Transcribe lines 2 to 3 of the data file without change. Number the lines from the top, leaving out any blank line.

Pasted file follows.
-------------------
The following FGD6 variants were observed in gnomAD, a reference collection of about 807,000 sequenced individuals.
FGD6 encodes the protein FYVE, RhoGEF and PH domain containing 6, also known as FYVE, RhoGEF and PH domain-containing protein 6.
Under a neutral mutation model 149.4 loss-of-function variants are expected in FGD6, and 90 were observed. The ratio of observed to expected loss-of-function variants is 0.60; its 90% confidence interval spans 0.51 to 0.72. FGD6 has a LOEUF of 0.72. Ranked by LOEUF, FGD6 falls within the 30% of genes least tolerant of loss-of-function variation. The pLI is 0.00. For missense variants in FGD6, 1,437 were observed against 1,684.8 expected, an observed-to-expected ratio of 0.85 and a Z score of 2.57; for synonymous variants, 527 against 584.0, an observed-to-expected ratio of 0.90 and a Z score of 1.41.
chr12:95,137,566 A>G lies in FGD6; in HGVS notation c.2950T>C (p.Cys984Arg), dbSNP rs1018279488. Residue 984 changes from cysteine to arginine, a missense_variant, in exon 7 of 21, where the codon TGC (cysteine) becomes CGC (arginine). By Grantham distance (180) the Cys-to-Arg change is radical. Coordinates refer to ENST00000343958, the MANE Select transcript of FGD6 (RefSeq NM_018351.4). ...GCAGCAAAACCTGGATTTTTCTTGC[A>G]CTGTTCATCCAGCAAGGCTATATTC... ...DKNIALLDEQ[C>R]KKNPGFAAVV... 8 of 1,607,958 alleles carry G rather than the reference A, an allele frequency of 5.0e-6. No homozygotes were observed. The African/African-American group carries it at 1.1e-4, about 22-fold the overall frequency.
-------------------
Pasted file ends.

FGD6 encodes the protein FYVE, RhoGEF and PH domain containing 6, also known as FYVE, RhoGEF and PH domain-containing protein 6.
Under a neutral mutation model 149.4 loss-of-function variants are expected in FGD6, and 90 were observed. The ratio of observed to expected loss-of-function variants is 0.60; its 90% confidence interval spans 0.51 to 0.72. FGD6 has a LOEUF of 0.72. Ranked by LOEUF, FGD6 falls within the 30% of genes least tolerant of loss-of-function variation. The pLI is 0.00. For missense variants in FGD6, 1,437 were observed against 1,684.8 expected, an observed-to-expected ratio of 0.85 and a Z score of 2.57; for synonymous variants, 527 against 584.0, an observed-to-expected ratio of 0.90 and a Z score of 1.41.